MOHAMMAD Hussain, Dawn staff reporter, has written a good piece about water below the Kotri barrage (July 14). The piece extensively got opinions from irrigation experts and farmers of Sindh and Punjab. The farmers, particularly feudal, of Sindh and Punjab are in perpetual quarrel to get more and more water from the environment and use it for an outdated irrigation management system.
The following is my contention as an environmentalist:
Prior to the modern canal and barrage-based irrigation, almost the entire water used to flow its natural course through riverine forest areas (southern Punjab and Sindh) into the delta. Agriculture was practiced through inundation canals with limited cultivation in low-lying areas.
Since the cotton-based agricultural economy suited colonial rulers they changed the agricultural pattern to supply cotton raw material to textile mills in Manchester. There was a British Cotton Growers Association which lobbied for this change in the cropping pattern. This needed a new class and new economy based on the “desert bloom syndrome”, i.e. bringing as much area under canal irrigation as possible and diverting as much water as technology allowed from its natural course.
With every diversion in the form of a barrage, the people in riverine and delta areas (which at one time used to be the richest in the subcontinent) were deprived of their natural access to fresh water which had been with them for hundreds of thousands of years.
A dam is not harmful to riverine and delta areas if it does not have a diversion design. Compared to it, barrages are solely meant for diversion and it has a significant negative impact on nature and the people living in delta and riverine areas of both Sindh and southern Punjab.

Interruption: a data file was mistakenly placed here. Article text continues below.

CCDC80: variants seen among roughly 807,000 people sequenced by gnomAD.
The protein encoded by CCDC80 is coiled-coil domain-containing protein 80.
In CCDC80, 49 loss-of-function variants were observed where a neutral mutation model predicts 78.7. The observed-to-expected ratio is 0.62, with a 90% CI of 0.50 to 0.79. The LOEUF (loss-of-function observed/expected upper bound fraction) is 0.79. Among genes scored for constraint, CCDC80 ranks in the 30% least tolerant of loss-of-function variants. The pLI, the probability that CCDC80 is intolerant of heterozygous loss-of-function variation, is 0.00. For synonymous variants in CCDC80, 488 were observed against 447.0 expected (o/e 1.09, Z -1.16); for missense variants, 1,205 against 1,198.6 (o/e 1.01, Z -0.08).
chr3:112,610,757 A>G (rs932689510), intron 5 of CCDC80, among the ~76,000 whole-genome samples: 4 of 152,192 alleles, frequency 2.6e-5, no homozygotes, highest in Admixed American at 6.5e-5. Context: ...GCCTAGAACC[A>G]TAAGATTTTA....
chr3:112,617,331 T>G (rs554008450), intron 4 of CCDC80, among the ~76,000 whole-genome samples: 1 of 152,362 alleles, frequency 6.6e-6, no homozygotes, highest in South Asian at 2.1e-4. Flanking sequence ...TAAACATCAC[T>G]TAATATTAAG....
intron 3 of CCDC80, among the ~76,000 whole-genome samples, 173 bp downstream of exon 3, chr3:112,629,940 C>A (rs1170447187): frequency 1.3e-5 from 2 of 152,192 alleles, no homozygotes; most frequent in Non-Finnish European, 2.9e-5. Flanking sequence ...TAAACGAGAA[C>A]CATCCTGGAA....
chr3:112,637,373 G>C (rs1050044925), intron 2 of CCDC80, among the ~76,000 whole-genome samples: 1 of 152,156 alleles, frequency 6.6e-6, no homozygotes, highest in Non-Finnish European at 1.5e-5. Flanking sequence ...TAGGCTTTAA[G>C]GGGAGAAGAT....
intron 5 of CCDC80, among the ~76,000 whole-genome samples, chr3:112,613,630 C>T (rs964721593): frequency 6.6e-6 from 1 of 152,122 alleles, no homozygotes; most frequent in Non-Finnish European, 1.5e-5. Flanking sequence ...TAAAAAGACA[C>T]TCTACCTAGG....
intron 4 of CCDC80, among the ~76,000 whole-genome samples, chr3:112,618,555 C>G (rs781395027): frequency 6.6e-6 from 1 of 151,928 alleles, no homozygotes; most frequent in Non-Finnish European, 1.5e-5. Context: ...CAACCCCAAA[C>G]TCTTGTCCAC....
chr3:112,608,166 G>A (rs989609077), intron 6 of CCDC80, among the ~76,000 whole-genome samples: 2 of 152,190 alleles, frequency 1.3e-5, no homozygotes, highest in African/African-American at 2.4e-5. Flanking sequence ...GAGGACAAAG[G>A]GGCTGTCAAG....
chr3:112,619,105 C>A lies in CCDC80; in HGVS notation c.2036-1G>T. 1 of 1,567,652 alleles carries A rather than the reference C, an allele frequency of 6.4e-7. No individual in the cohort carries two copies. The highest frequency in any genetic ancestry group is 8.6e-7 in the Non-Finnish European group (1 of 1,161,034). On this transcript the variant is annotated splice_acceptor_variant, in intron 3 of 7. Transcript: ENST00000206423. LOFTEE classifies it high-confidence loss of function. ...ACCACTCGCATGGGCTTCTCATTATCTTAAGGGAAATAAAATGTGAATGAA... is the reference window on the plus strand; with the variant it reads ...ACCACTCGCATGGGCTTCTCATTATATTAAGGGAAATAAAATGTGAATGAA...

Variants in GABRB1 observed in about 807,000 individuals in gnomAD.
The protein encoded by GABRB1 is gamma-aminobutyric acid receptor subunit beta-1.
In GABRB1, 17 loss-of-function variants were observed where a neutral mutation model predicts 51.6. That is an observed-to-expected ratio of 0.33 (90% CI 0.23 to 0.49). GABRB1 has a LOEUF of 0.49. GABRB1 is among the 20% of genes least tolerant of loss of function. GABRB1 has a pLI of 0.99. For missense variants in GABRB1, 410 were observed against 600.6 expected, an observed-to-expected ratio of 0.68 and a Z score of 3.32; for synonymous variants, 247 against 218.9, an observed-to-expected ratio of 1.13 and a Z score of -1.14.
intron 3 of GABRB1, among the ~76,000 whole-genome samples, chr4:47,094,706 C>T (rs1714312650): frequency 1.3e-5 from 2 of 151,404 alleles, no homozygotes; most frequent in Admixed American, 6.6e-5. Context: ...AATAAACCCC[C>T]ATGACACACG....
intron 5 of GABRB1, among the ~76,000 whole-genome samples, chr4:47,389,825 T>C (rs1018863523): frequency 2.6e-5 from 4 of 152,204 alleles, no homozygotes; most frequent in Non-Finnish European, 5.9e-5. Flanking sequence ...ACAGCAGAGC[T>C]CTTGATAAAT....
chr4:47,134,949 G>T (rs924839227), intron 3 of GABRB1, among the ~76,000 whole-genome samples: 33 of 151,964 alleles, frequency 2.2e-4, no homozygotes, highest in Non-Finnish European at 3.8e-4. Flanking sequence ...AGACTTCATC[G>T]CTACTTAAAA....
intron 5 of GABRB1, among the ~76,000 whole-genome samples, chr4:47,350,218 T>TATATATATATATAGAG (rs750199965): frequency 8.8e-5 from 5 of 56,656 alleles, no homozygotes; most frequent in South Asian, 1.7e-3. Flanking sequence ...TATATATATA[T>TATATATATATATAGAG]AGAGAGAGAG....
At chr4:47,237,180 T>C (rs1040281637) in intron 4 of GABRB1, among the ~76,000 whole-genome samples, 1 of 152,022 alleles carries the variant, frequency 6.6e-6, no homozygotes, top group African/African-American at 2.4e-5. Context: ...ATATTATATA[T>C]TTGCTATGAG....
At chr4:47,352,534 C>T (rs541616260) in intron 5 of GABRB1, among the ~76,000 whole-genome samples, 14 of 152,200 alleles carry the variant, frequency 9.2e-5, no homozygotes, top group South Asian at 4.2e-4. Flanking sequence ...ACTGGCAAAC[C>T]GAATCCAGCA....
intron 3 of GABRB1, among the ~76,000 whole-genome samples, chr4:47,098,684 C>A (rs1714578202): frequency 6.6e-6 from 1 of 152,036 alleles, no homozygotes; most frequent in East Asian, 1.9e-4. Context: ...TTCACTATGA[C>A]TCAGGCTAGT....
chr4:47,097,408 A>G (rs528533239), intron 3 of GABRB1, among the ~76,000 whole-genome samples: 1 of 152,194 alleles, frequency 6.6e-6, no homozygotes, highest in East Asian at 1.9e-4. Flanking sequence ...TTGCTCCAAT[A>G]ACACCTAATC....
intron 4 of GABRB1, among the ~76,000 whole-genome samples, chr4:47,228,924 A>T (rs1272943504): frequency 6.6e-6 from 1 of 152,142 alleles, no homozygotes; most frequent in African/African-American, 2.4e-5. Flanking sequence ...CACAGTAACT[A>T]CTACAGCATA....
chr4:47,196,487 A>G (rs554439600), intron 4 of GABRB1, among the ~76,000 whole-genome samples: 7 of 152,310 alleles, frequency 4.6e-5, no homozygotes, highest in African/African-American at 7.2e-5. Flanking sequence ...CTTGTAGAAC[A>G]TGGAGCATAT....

People (and experts) often debate and estimate how much Indus water should be allocated for a delta. The answer, depending on schools of thought, ranges from none (as some feudal lords tend to think in Punjab) to 10MAF under the 1991 water accord to 27MAF by IUCN. Some local experts put the figure at 35MAF.
I think the question should be the other way around. How much is fresh water actually needed by agriculture in Indus command areas (where over a 41m-acre area is commanded in 19 barrage areas), and not how much is required by riverine areas or delta?
The argument would be that water belongs to nature and it should be calculated how much water is needed for agriculture to achieve current and future levels of agricultural output.
The water allocation estimate should be based on current technologies and should involve a full-cost recovery for irrigation supplies.
Water withdrawals for agriculture are based on the technologies or systems of the late 19th century or early 20th century while the farmers (the lot of them certainly feudal) continue to waste water provided to them at 99pc subsidy!
For this, my favourite analogy is that petrol allocation for your car today is based on fuel needs of a Prius (a high-efficiency hybrid car) and not on a 1930s Cadillac.
Despite this ‘powerful’ argument, our economy is elitist. The poor people in delta and riverine areas are economically a very weak segment in the political economy of Pakistan where a water policy ‘expert’ invariably means an irrigation (civil) engineering professional and water ‘stakeholder’ means a feudal lord.
To add further woe to the misery, those feudal lords may now be sitting in the National Assembly or the Senate of Pakistan.
AIJAZ A. NIZAMANI